• Obtain the license for the technology from the University of Texas at Austin;
  • Perform research on detailed product specifications;
  • Build a pre-manufacture prototype for one application;
  • Establish a joint venture or co-development arrangement with at least one corporate partner;
  • Begin making Sponsored Research Agreement (SRA) payments to University of Texas at Austin to maintain R&D efforts;
  • Hire a seasoned CEO;
  • Hire veteran product development scientists, and;
  • Hire a VP of Product Marketing.

In order to achieve these milestones, the company is seeking $1,500,000 investment from an investor or group of investors in exchange for an equity share of the company. The seed investors will have preferential rights in subsequent equity rounds.

Start-Up Stage: Feb. 2000 – Feb. 2001

Once the above milestones are met, Vusion will require $8,000,000 in start-up capital. The company plans on obtaining these funds from venture investors and / or a joint venture with a corporate partner. It is also pursuing SBIR (Small Business Innovation and Research grants) funding and NIST ATP (National Institute of Standards & Technology Advanced Technology Program grant) awards to supplement the equity capital raised in the prior round.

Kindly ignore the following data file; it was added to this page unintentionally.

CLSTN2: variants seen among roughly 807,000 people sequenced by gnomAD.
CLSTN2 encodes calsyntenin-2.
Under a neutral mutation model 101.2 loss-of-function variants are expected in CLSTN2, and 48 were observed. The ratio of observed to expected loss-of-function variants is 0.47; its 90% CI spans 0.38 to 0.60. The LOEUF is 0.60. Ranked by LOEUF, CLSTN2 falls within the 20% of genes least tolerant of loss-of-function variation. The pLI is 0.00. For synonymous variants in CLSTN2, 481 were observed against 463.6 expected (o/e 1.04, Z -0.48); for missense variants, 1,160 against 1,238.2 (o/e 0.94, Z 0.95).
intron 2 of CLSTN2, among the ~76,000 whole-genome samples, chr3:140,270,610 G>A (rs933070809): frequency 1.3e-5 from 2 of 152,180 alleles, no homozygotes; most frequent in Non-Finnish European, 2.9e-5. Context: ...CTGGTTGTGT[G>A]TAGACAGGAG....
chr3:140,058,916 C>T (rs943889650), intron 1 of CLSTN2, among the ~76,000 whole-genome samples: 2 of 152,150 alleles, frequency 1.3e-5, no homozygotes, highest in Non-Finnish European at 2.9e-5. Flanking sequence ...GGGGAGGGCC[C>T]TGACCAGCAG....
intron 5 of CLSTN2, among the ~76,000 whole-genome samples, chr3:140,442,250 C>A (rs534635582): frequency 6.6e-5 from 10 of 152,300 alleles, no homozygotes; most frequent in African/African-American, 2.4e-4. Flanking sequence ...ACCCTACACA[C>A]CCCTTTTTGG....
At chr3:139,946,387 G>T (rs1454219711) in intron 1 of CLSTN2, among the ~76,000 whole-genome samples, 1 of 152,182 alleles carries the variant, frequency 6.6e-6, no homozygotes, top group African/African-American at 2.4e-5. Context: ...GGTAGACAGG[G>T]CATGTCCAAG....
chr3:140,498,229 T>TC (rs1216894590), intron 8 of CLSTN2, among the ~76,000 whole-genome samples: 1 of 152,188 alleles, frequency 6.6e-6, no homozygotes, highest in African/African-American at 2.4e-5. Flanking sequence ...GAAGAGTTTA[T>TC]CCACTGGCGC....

The funds will be used to purchase the capital equipment needed to start operations and to hire relevant personnel to develop the beta versions of the product. (See Financial Statements for a list of staffing and capital expenditures, respectively).

The milestones for the completing the start-up stage are:

  • Fill out the senior management, relevant executives and other staff. This will include more industrial scientists to continue Sensor Cartridge development, and the requisite support staff;
  • Build out the first phase of a facility;